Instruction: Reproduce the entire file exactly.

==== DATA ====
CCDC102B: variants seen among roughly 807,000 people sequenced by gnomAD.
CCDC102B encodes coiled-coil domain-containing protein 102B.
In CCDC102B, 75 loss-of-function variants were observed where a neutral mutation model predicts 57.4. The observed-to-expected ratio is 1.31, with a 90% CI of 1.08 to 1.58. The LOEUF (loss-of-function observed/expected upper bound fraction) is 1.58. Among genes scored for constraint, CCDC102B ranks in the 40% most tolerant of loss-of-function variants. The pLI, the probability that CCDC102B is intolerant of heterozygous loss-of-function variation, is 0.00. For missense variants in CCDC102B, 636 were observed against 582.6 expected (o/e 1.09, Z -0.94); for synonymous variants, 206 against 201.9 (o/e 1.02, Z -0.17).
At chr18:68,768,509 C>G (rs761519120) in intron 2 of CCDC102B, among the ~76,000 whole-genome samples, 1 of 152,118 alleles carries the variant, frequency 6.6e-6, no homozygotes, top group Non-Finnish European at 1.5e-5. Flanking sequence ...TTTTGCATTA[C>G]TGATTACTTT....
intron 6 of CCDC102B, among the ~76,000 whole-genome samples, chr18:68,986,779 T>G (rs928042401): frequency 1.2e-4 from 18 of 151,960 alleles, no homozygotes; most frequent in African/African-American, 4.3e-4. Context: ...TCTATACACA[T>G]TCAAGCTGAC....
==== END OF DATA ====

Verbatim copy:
CCDC102B: variants seen among roughly 807,000 people sequenced by gnomAD.
CCDC102B encodes coiled-coil domain-containing protein 102B.
In CCDC102B, 75 loss-of-function variants were observed where a neutral mutation model predicts 57.4. The observed-to-expected ratio is 1.31, with a 90% CI of 1.08 to 1.58. The LOEUF (loss-of-function observed/expected upper bound fraction) is 1.58. Among genes scored for constraint, CCDC102B ranks in the 40% most tolerant of loss-of-function variants. The pLI, the probability that CCDC102B is intolerant of heterozygous loss-of-function variation, is 0.00. For missense variants in CCDC102B, 636 were observed against 582.6 expected (o/e 1.09, Z -0.94); for synonymous variants, 206 against 201.9 (o/e 1.02, Z -0.17).
At chr18:68,768,509 C>G (rs761519120) in intron 2 of CCDC102B, among the ~76,000 whole-genome samples, 1 of 152,118 alleles carries the variant, frequency 6.6e-6, no homozygotes, top group Non-Finnish European at 1.5e-5. Flanking sequence ...TTTTGCATTA[C>G]TGATTACTTT....
intron 6 of CCDC102B, among the ~76,000 whole-genome samples, chr18:68,986,779 T>G (rs928042401): frequency 1.2e-4 from 18 of 151,960 alleles, no homozygotes; most frequent in African/African-American, 4.3e-4. Context: ...TCTATACACA[T>G]TCAAGCTGAC....